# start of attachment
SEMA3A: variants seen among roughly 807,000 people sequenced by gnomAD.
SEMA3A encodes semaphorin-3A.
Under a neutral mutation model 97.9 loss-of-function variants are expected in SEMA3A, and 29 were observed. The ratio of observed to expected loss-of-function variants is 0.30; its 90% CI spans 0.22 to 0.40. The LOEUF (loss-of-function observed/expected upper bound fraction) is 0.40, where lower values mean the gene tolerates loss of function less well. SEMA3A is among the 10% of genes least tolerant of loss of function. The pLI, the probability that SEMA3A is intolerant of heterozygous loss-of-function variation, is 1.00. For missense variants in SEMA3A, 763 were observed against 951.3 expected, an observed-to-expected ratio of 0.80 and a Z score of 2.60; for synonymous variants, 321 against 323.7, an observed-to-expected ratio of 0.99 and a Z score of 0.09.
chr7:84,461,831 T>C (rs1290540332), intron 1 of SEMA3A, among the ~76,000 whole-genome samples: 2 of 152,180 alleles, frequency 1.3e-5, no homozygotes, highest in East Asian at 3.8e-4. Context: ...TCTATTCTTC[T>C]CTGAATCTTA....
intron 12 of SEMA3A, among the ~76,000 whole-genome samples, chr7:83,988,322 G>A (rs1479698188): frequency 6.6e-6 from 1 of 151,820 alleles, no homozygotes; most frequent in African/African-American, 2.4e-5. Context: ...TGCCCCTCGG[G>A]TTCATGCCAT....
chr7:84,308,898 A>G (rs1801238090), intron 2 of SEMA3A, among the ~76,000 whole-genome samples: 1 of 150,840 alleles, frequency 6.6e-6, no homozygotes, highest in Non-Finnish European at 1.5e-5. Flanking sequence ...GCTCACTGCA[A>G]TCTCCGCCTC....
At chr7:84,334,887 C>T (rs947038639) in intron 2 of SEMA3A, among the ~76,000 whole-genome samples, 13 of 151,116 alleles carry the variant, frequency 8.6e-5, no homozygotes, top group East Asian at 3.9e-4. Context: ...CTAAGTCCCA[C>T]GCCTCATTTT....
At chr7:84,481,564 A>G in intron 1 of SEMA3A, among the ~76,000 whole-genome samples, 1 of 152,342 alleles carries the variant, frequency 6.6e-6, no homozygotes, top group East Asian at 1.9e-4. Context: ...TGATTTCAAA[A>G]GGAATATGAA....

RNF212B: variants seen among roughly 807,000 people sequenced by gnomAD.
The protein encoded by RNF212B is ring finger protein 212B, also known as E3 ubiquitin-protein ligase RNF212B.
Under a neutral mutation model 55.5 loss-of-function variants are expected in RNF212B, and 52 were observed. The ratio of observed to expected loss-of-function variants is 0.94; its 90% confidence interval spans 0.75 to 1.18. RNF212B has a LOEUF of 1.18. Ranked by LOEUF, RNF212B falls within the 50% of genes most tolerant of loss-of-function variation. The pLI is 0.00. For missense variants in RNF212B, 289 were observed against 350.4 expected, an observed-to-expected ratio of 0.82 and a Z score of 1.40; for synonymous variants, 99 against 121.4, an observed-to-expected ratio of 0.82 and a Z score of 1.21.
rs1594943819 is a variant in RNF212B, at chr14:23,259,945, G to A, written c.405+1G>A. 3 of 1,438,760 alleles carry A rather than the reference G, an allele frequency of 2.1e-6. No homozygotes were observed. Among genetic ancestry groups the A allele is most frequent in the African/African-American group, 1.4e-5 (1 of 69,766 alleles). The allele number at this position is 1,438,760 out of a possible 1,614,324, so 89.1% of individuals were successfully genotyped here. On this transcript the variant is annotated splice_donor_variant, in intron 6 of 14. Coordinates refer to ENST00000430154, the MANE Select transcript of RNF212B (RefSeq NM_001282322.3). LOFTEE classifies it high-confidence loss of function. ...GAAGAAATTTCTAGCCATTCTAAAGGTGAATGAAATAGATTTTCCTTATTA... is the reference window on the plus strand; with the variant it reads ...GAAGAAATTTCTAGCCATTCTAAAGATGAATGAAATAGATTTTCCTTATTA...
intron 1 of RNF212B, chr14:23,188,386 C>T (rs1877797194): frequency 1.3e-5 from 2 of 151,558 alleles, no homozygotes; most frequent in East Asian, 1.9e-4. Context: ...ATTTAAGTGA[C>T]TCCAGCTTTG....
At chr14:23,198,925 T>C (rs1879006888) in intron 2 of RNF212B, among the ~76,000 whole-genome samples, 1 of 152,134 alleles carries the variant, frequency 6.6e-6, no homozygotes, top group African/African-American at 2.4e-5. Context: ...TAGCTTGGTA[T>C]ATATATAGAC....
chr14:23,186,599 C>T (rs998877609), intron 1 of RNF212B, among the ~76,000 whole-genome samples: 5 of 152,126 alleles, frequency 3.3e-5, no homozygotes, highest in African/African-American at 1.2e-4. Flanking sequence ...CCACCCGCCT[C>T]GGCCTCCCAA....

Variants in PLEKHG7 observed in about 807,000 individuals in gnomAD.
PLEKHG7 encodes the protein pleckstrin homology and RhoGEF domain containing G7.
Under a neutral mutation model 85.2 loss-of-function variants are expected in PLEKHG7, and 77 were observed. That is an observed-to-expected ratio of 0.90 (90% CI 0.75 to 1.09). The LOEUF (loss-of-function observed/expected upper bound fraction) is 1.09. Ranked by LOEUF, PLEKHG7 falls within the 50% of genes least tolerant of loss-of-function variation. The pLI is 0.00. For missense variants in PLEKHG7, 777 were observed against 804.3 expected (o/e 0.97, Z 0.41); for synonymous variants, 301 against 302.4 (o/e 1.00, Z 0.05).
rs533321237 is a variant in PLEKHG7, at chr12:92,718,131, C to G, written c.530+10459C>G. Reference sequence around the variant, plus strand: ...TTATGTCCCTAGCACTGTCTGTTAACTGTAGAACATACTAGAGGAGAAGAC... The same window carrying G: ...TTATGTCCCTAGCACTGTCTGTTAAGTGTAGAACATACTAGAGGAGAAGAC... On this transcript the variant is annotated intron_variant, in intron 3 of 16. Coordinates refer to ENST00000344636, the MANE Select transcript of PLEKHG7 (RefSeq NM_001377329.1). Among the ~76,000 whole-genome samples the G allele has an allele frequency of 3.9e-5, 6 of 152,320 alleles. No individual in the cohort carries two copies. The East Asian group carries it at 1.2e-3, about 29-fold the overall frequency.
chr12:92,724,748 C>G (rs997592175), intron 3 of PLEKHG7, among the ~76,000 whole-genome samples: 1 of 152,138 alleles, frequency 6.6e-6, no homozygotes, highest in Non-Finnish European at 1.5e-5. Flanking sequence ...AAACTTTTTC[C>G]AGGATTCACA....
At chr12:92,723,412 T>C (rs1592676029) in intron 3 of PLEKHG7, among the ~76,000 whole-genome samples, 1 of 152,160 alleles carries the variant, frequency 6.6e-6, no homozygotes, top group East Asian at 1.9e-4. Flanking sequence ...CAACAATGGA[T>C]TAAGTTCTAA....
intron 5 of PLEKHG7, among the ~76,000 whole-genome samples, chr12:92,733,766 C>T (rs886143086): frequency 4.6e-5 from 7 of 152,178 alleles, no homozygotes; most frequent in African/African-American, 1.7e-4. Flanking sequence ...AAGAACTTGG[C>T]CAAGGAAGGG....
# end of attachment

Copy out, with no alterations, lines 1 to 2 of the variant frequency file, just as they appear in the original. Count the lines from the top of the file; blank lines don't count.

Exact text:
SEMA3A: variants seen among roughly 807,000 people sequenced by gnomAD.
SEMA3A encodes semaphorin-3A.